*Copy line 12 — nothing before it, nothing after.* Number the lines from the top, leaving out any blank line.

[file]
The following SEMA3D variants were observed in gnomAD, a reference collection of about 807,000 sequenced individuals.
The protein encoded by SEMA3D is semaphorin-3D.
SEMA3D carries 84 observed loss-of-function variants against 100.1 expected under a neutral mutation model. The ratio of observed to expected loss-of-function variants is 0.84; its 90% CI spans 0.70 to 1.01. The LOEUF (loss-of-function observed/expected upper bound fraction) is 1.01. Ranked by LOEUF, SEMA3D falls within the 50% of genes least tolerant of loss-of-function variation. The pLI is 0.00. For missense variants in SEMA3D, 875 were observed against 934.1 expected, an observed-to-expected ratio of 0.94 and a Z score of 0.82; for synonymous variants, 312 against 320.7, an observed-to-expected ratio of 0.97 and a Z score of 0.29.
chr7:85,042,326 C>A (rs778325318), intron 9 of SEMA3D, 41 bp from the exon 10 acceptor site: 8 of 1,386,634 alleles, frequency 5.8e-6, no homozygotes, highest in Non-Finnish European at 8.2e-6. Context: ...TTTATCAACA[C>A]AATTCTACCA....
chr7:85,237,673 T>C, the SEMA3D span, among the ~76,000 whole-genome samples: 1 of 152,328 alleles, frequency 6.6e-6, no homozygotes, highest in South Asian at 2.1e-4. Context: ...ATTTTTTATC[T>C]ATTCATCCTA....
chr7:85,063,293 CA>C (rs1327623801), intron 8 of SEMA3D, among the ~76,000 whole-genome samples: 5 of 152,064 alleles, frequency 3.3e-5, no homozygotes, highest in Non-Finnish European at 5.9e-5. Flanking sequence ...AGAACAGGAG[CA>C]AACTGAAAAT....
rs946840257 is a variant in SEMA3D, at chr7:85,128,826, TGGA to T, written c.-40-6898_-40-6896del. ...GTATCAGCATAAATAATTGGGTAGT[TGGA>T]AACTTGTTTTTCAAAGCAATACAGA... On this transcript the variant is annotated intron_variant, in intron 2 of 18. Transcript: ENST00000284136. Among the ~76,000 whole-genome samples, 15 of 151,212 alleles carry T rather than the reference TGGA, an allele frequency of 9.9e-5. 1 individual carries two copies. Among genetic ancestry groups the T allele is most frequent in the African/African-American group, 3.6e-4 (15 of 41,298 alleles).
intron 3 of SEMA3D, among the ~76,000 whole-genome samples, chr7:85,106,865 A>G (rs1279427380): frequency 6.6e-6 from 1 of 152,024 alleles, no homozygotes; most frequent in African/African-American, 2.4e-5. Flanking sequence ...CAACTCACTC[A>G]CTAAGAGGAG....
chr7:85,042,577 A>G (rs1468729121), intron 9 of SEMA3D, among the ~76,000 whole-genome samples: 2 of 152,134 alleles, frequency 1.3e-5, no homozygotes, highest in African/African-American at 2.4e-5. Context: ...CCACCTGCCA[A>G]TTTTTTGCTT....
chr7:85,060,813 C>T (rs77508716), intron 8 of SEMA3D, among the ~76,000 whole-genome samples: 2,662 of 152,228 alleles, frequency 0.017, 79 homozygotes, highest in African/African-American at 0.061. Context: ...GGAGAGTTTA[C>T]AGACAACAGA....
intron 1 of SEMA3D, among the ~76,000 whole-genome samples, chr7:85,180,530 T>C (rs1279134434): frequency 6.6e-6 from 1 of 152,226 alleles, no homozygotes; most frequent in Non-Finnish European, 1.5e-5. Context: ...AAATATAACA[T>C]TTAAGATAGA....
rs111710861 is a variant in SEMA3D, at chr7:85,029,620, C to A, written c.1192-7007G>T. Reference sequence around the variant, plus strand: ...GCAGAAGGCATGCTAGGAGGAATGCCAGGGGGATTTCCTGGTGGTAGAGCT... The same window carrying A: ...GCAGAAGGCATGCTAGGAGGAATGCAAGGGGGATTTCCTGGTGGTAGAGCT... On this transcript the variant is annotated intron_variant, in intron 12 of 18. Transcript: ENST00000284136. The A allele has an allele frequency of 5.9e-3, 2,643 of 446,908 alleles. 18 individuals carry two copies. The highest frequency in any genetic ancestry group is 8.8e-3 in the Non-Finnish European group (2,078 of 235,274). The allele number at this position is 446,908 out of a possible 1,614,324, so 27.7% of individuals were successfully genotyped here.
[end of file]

rs111710861 is a variant in SEMA3D, at chr7:85,029,620, C to A, written c.1192-7007G>T. Reference sequence around the variant, plus strand: ...GCAGAAGGCATGCTAGGAGGAATGCCAGGGGGATTTCCTGGTGGTAGAGCT... The same window carrying A: ...GCAGAAGGCATGCTAGGAGGAATGCAAGGGGGATTTCCTGGTGGTAGAGCT... On this transcript the variant is annotated intron_variant, in intron 12 of 18. Transcript: ENST00000284136. The A allele has an allele frequency of 5.9e-3, 2,643 of 446,908 alleles. 18 individuals carry two copies. The highest frequency in any genetic ancestry group is 8.8e-3 in the Non-Finnish European group (2,078 of 235,274). The allele number at this position is 446,908 out of a possible 1,614,324, so 27.7% of individuals were successfully genotyped here.